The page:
Europe stocks close higher as US recession fears fade; Wirecard shares jump 26%

  • Wirecard's shares were up 26 percent on Tuesday after a legal probe cleared the company of financial crimes.
  • Convatec shares surged 5 percent after reported interest from private equity firm EGT.
  • More generally, traders have been taking cues from debt markets in recent days for an indication of economic sentiment.

European equities closed higher on Tuesday as fears over a possible recession faded and investors concentrated on corporate news.

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The pan-European Euro Stoxx 600 Index was higher by almost 0.8 percent at the closing bell, with major bourses and sectors mostly in positive territory. Media stocks jumped 1 percent after the European Parliament approved an overhaul to EU copyright law that could mean big tech will have to pay media producers for their content.

Wirecard shares surged to the top of the index during afternoon deals, with shares gaining more than 26 percent after a legal probe cleared the firm of criminal wrongdoing. The Munich-based firm had faced allegations that accounting staff in its Singapore office carried out sham transactions to bulk up its profits.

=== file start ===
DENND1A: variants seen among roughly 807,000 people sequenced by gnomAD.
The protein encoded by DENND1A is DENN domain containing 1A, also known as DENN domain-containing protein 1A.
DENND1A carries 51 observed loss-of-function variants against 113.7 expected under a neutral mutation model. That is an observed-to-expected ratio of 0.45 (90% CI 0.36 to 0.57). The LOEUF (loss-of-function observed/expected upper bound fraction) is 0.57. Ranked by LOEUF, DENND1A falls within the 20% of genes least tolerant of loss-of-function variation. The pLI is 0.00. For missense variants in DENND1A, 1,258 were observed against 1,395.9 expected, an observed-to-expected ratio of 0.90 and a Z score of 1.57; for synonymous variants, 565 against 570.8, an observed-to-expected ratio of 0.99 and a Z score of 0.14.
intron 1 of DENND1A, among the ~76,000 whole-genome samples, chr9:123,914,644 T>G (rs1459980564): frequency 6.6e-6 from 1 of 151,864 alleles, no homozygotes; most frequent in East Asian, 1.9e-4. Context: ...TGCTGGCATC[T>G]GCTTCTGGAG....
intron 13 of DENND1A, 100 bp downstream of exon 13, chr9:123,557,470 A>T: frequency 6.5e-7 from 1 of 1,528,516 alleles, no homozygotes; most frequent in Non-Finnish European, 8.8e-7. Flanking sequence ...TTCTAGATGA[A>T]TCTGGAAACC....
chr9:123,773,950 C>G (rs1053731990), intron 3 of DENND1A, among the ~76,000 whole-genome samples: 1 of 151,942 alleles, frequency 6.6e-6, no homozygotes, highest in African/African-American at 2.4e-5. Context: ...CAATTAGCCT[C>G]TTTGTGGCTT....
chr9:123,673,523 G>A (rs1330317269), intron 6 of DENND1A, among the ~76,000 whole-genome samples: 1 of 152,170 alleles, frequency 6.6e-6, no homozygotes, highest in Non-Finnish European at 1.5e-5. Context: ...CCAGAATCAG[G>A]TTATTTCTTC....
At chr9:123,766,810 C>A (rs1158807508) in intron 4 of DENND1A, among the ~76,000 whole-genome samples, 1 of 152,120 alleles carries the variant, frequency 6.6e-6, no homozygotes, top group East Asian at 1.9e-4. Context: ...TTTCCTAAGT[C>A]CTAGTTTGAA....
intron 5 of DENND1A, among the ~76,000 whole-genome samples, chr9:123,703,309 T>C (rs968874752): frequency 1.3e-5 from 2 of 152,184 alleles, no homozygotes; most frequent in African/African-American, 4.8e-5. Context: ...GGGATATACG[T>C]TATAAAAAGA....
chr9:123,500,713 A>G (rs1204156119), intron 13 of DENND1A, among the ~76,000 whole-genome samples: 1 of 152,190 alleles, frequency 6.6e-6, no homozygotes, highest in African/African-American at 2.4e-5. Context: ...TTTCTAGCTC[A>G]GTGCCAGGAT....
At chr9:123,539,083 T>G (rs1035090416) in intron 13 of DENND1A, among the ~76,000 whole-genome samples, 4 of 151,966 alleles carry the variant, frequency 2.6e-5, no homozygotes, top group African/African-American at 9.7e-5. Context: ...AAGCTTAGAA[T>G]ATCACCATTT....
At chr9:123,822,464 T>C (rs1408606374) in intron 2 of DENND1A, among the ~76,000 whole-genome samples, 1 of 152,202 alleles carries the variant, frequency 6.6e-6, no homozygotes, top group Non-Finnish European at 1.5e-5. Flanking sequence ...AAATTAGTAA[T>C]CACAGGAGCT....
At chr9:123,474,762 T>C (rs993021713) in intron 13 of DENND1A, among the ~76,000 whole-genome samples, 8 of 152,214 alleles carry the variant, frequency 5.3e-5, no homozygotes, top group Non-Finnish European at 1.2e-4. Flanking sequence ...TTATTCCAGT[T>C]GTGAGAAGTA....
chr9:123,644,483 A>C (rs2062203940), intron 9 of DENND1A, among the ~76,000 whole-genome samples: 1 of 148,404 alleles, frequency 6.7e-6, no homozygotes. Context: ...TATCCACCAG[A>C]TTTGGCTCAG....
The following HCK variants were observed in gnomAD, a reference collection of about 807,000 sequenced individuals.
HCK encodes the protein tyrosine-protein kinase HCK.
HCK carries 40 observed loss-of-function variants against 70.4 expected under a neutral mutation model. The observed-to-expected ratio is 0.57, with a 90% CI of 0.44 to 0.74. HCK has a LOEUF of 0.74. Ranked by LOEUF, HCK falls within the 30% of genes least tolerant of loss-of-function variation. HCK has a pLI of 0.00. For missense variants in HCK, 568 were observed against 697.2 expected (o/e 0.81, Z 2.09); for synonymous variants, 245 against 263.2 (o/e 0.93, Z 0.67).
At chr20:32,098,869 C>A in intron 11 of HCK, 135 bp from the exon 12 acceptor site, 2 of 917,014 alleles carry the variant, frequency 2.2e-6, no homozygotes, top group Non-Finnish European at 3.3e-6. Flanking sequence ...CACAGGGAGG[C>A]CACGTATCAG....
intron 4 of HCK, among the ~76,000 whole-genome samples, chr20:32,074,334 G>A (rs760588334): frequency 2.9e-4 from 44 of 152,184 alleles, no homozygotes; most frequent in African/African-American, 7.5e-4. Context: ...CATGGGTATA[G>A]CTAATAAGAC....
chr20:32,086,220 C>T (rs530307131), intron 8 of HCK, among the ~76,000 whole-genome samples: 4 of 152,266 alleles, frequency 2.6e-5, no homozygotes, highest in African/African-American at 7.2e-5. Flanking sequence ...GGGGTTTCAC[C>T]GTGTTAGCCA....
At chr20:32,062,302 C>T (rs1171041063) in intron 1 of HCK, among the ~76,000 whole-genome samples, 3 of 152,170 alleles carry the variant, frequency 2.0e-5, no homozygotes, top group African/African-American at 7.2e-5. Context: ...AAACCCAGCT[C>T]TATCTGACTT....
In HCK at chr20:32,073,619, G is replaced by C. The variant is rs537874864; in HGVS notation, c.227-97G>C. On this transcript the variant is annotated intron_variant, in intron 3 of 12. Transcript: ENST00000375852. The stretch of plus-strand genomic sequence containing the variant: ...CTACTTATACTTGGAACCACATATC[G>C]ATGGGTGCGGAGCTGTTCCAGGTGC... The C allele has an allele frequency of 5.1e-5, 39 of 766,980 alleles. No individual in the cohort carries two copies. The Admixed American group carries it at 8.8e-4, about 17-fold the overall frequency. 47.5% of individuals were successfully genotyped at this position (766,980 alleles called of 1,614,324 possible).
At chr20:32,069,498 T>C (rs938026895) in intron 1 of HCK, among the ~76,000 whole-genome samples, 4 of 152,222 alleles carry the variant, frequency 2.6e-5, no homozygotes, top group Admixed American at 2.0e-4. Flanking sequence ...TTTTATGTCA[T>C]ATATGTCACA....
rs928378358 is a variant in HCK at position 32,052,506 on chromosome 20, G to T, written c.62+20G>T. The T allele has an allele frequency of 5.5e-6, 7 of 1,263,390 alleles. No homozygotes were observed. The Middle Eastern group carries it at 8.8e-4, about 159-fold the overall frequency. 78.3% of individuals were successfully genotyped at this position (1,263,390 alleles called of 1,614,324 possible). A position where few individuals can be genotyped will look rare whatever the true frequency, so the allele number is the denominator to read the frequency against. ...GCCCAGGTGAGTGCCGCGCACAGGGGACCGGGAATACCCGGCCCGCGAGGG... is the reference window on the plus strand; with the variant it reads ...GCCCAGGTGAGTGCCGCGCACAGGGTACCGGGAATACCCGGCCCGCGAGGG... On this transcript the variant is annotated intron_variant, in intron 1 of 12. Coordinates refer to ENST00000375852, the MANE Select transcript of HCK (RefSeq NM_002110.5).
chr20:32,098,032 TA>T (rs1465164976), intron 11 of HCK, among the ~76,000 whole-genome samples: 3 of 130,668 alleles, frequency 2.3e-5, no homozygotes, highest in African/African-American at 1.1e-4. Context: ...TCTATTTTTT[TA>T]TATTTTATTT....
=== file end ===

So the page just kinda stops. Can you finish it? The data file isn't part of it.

Elsewhere, Ocado shares jumped almost 3.8 percent after it signed an e-commerce partnership with Australia's Coles.

Medical devices maker Convatec also climbed towards the top of the index after it announced Genus boss Karim Bitar would take charge as CEO in September, and amid reported interest from a Swedish private equity firm. Shares of the London-listed stock gained 5 percent.

Airbus shares were up by 2 percent after China agreed to buy 300 of its planes in a deal worth tens of billions of dollars.

More generally, traders have been taking cues from debt markets in recent days for an indication of economic sentiment. Part of the U.S. bond yield curve — which plots yields from shortest maturity to highest — inverted on Friday, with the 10-year yield dipping below the yield on the 3-month paper for the first time since mid-2007. A yield curve inversion is generally seen as a sign that a recession is coming.

On Monday, the yield on the 10-year note fell to its lowest level since December 2017 — but it was a different story on Tuesday, with the 10-year yield rising to about 2.439 percent. Stocks on Wall Street were trading higher on Tuesday as Treasury yields stabilized.

Elsewhere, investors monitored the latest Brexit developments. U.K. lawmakers voted to seize control of the Brexit process on Monday evening, taking it away from Prime Minister Theresa May's government.

An amendment was passed that allows lawmakers to set a timetable for debate and subsequent votes — expected to take place on Wednesday — on alternative outcomes for the EU withdrawal deal.

In other political news, Chinese President Xi Jinping visited France on Monday. The two countries signed 15 commercial deals, including a 300-plane order with Airbus and a 1 billion euro ($1.1 billion) deal for EDF to build an offshore wind farm in China.

In terms of economic data, French figures confirmed GDP growth of 0.3 percent in the final three months of last year. Meaning the economy grew 1.6 percent over the course of 2018. Another survey released Tuesday morning showed French industrial morale unexpectedly fell in March.